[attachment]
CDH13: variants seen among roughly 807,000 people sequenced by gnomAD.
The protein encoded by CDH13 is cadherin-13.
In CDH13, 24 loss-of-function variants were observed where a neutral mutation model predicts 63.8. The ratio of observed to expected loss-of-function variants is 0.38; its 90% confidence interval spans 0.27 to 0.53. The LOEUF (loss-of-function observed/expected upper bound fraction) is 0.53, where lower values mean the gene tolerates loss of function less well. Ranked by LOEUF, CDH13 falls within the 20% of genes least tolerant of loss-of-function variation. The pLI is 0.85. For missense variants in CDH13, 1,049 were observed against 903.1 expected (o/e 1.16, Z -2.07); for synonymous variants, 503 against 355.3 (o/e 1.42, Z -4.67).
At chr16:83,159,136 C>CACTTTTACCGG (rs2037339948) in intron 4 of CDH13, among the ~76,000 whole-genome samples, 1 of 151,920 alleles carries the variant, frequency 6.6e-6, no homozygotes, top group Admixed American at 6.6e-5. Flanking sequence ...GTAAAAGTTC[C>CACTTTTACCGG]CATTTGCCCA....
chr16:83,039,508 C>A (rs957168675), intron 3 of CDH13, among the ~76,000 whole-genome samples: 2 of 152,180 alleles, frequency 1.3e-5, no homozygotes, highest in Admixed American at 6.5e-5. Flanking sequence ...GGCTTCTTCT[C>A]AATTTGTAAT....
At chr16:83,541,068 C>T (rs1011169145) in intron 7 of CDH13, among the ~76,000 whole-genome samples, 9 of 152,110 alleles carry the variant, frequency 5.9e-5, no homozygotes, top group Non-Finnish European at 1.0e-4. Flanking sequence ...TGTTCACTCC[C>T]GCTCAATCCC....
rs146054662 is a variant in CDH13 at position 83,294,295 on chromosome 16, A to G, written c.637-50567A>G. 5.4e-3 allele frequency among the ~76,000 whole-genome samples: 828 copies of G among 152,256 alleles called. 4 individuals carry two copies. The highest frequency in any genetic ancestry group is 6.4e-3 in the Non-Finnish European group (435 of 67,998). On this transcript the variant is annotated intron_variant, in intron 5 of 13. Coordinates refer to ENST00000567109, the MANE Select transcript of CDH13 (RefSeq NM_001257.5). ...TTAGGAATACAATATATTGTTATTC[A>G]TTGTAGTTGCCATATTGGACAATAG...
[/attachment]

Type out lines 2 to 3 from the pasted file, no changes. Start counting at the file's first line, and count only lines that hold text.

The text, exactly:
The protein encoded by CDH13 is cadherin-13.
In CDH13, 24 loss-of-function variants were observed where a neutral mutation model predicts 63.8. The ratio of observed to expected loss-of-function variants is 0.38; its 90% confidence interval spans 0.27 to 0.53. The LOEUF (loss-of-function observed/expected upper bound fraction) is 0.53, where lower values mean the gene tolerates loss of function less well. Ranked by LOEUF, CDH13 falls within the 20% of genes least tolerant of loss-of-function variation. The pLI is 0.85. For missense variants in CDH13, 1,049 were observed against 903.1 expected (o/e 1.16, Z -2.07); for synonymous variants, 503 against 355.3 (o/e 1.42, Z -4.67).